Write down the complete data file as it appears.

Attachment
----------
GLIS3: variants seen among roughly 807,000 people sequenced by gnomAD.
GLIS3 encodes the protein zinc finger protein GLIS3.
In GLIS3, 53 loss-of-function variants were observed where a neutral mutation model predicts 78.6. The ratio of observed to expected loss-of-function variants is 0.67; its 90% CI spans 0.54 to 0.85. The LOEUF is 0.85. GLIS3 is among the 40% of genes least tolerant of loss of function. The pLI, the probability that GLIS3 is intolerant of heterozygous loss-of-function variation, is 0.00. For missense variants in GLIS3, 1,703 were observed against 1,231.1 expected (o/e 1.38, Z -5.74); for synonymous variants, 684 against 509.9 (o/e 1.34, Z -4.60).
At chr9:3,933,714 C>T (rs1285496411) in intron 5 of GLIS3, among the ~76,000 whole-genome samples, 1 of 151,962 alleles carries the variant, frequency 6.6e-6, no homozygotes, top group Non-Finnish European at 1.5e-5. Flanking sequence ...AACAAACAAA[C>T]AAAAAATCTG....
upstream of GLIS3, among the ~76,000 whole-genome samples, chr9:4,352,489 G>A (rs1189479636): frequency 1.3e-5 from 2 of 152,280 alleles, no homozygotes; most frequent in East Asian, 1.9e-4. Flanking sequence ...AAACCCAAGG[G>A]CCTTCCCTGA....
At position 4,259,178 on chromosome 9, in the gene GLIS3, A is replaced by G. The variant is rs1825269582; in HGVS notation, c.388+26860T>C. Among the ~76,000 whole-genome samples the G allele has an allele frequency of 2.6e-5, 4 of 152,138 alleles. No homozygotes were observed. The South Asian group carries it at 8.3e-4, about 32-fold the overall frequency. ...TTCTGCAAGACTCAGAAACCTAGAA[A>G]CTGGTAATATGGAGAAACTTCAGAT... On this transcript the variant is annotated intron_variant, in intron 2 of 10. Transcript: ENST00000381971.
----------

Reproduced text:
GLIS3: variants seen among roughly 807,000 people sequenced by gnomAD.
GLIS3 encodes the protein zinc finger protein GLIS3.
In GLIS3, 53 loss-of-function variants were observed where a neutral mutation model predicts 78.6. The ratio of observed to expected loss-of-function variants is 0.67; its 90% CI spans 0.54 to 0.85. The LOEUF is 0.85. GLIS3 is among the 40% of genes least tolerant of loss of function. The pLI, the probability that GLIS3 is intolerant of heterozygous loss-of-function variation, is 0.00. For missense variants in GLIS3, 1,703 were observed against 1,231.1 expected (o/e 1.38, Z -5.74); for synonymous variants, 684 against 509.9 (o/e 1.34, Z -4.60).
At chr9:3,933,714 C>T (rs1285496411) in intron 5 of GLIS3, among the ~76,000 whole-genome samples, 1 of 151,962 alleles carries the variant, frequency 6.6e-6, no homozygotes, top group Non-Finnish European at 1.5e-5. Flanking sequence ...AACAAACAAA[C>T]AAAAAATCTG....
upstream of GLIS3, among the ~76,000 whole-genome samples, chr9:4,352,489 G>A (rs1189479636): frequency 1.3e-5 from 2 of 152,280 alleles, no homozygotes; most frequent in East Asian, 1.9e-4. Flanking sequence ...AAACCCAAGG[G>A]CCTTCCCTGA....
At position 4,259,178 on chromosome 9, in the gene GLIS3, A is replaced by G. The variant is rs1825269582; in HGVS notation, c.388+26860T>C. Among the ~76,000 whole-genome samples the G allele has an allele frequency of 2.6e-5, 4 of 152,138 alleles. No homozygotes were observed. The South Asian group carries it at 8.3e-4, about 32-fold the overall frequency. ...TTCTGCAAGACTCAGAAACCTAGAA[A>G]CTGGTAATATGGAGAAACTTCAGAT... On this transcript the variant is annotated intron_variant, in intron 2 of 10. Transcript: ENST00000381971.